Barbara Belknap is a Juneau activist working on the issue of equal pay for women. She’s also anAlaska delegate to Vision 2020, a national coalition focused on women’s economic and social equality.

Belknap says negotiating salary is one way for women to take the matter of pay disparity into their own hands.

“Before you go into the interview, understand what the pay scale is for what you’re applying for, know what the going rate is, do some research,” Belknap says.

A couple of years ago, Belknap made a YouTube video demonstrating how to successfully negotiate pay.

Through the video, Belknap is spreading a message she never got. She says it never occurred to her to negotiate salary when she was appointed executive director of Alaska Seafood Marketing Institute in 1997.

“They said, ‘Well, we were paying your predecessor too much money, so your salary is going to be this much money.’ And I remember the little thought bubble in my head going, ‘Oh really, really?’ But I didn’t say anything,” Belknap says.

Belknap received pay increases over time, but says her starting salary was $8,000 less than the starting salary of her male predecessor.

State economist Schultz says whatever the reasons may be for the pay gap, the result is the same – women have less money:

“At the end of the year, at the end of a lifespan, at the end of a career, women have earned less money consistently through 25, 30, 35 years of working. And that really adds up.”

And this fact, Schultz says, leads to other questions.

“What does it mean for Alaska’s economy and what does it mean for women in Alaska, that in general, they have less money than men do? How does it affect their spending? How does it affect child care? How does it affect children?”

Schultz doesn’t know the answers. She also doesn’t know what happens in corporate offices during salary talks, but as an economist, she’ll continue to collect and present the data that could lead to decreasing Alaska’s pay gap.

Categories: Alaska News

Amendment To Restructure Judicial Council Stalls Before Vote

APRN Alaska News - Tue, 2014-04-08 17:28

A constitutional amendment that would reconfigure a commission tasked with vetting judges was pulled from a vote in the Alaska Senate on Monday and then again on Tuesday after struggling to pick up the necessary support.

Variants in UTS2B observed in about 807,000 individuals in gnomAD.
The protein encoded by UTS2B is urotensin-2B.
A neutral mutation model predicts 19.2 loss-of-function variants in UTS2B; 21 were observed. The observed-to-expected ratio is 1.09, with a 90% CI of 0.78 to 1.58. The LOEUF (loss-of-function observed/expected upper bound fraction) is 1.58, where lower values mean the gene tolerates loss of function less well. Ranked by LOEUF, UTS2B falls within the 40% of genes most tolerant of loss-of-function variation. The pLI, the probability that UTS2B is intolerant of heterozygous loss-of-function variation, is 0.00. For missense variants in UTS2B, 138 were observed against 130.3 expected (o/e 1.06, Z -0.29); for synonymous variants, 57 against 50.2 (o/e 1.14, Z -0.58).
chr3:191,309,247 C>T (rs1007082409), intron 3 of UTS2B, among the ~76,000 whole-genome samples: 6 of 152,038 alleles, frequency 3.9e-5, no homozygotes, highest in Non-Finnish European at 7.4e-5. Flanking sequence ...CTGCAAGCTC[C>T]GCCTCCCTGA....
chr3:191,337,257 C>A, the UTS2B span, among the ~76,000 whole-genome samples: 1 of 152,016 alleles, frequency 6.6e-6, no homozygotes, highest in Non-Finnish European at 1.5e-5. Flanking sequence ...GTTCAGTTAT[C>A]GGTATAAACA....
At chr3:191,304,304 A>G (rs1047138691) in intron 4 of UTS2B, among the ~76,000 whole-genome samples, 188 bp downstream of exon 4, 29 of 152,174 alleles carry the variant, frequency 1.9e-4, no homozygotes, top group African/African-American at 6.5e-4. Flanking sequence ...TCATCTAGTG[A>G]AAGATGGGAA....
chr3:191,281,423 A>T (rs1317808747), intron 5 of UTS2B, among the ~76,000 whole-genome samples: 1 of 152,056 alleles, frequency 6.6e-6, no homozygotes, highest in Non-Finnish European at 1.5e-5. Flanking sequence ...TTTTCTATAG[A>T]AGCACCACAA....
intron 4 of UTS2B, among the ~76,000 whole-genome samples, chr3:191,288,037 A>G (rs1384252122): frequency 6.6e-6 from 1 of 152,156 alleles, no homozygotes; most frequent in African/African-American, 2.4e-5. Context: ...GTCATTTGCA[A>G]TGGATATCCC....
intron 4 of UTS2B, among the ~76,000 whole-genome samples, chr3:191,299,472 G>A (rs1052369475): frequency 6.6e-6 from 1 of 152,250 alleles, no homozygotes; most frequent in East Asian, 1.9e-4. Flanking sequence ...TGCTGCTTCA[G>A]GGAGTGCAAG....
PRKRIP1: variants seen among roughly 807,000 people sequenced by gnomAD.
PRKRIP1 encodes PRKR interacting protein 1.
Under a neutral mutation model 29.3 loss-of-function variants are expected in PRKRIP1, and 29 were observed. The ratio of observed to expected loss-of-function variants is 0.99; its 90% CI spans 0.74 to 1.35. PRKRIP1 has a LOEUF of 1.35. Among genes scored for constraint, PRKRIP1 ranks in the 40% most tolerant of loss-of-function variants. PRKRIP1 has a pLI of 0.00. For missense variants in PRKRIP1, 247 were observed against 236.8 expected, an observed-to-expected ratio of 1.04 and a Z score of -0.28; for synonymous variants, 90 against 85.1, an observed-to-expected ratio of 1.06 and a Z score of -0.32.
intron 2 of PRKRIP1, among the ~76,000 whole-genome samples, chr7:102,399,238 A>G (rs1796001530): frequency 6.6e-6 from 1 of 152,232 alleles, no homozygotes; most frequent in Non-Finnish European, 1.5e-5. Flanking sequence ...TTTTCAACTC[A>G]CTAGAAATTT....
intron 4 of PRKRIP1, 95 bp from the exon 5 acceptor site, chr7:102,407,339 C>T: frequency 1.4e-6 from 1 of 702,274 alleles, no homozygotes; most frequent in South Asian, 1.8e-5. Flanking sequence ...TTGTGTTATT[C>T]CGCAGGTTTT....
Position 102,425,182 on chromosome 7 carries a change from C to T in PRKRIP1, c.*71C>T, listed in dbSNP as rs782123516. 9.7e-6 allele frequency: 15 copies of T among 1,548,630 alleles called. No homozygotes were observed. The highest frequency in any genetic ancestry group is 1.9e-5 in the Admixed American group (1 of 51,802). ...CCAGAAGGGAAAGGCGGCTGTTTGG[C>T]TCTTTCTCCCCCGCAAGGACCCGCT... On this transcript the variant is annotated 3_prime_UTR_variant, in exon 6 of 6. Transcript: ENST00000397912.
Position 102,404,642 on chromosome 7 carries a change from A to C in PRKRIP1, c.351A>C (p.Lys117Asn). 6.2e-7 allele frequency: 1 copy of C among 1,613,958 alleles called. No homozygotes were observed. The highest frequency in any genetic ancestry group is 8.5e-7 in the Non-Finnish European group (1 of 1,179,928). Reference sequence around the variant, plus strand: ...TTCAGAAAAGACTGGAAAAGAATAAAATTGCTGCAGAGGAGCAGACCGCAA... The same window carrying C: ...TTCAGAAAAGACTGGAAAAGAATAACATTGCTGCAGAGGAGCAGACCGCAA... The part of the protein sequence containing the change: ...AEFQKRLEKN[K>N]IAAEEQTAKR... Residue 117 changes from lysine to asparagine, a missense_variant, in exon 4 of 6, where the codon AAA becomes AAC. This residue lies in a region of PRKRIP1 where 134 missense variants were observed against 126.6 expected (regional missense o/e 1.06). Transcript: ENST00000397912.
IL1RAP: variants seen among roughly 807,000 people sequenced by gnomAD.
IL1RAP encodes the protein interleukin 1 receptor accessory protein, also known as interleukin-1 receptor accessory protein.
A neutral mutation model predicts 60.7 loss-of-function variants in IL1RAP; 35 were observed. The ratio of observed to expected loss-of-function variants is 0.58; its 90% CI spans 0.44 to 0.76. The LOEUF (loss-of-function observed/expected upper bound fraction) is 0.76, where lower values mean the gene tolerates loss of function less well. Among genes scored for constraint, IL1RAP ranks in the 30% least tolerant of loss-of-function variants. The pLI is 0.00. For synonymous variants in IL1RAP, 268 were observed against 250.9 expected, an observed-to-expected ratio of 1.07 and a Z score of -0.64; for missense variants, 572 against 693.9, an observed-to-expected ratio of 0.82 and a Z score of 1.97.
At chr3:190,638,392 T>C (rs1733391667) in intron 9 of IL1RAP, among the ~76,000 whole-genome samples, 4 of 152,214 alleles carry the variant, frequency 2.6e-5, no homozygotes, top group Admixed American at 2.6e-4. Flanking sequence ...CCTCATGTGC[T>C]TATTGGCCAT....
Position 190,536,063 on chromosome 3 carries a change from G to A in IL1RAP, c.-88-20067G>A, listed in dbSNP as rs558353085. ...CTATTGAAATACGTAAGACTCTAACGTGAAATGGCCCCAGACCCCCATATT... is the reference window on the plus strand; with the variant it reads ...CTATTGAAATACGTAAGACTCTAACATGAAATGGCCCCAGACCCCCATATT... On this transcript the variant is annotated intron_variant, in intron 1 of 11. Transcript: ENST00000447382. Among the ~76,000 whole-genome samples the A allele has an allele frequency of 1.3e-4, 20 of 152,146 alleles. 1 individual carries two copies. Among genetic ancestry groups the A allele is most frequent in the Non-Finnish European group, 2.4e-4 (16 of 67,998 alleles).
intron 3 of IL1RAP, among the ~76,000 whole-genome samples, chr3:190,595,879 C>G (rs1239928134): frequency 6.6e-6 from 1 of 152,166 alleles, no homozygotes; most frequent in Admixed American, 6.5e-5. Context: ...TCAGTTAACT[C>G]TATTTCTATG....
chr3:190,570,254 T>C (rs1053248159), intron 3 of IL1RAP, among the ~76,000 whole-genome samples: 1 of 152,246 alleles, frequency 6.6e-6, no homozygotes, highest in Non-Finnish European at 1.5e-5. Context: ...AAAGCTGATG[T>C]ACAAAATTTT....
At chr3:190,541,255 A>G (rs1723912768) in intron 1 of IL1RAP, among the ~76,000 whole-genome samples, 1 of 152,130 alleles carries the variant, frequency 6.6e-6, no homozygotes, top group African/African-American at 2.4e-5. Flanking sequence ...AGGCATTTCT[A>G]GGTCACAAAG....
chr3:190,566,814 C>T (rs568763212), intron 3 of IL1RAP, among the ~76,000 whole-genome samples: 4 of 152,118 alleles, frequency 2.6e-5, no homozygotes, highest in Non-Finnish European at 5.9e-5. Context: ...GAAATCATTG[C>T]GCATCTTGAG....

Download Audio

Senate Joint Resolution 21 would make it so that the governor’s public appointees on the Judicial Council would outnumber the attorney members two to one. It would also require the attorney members to go through confirmation by the Legislature. Sen. Pete Kelly, a Fairbanks Republican, has pitched it as a way to add more rural members to the council and increase public oversight of judicial selection.

The Alaska Court System and the Alaska Federation of Natives have come out against the amendment, and Democrats in the minority have argued that the change would allow the Legislature to stack the judiciary. In recent years, the Judicial Council has been a political target for conservative advocacy groups that are unhappy with the way the courts have ruled on abortion cases.

Because SJR 21 would amend the Constitution, it needs approval from two-thirds of the Legislature. Sen. Lesil McGuire, who chairs the Rules Committee tasked with scheduling the measure, says it’s not quite there yet. Enough urban Democrats and moderate Republicans have registered opposition to the amendment to keep it from going through.

“It’s a question about whether the votes are there for sure.”

The measure has been re-scheduled for Wednesday’s calendar to give Kelly the chance to secure another ‘yes’ vote.

This is the second time this session a constitutional amendment was scheduled for a vote in the Senate only to be withdrawn from consideration. The other constitutional measure would have allowed public funds to be spent at private schools, including religious ones.

McGuire says more constitutional amendments have gotten close to passage this year because the Senate is no longer controlled by a bipartisan coalition.

“Most of the things that were on the far right and the far left were kept off the table,” says McGuire. “So the agenda over the past six years was right down the middle of the road for Alaskans. So, what you’re seeing now is a conservative Senate. And as a result of that, you’ve got members that have been waiting to get out of that starting gate with their conservative messages.”

If Kelly’s amendment fails to attract more support, it could be held in the Rules Committee indefinitely.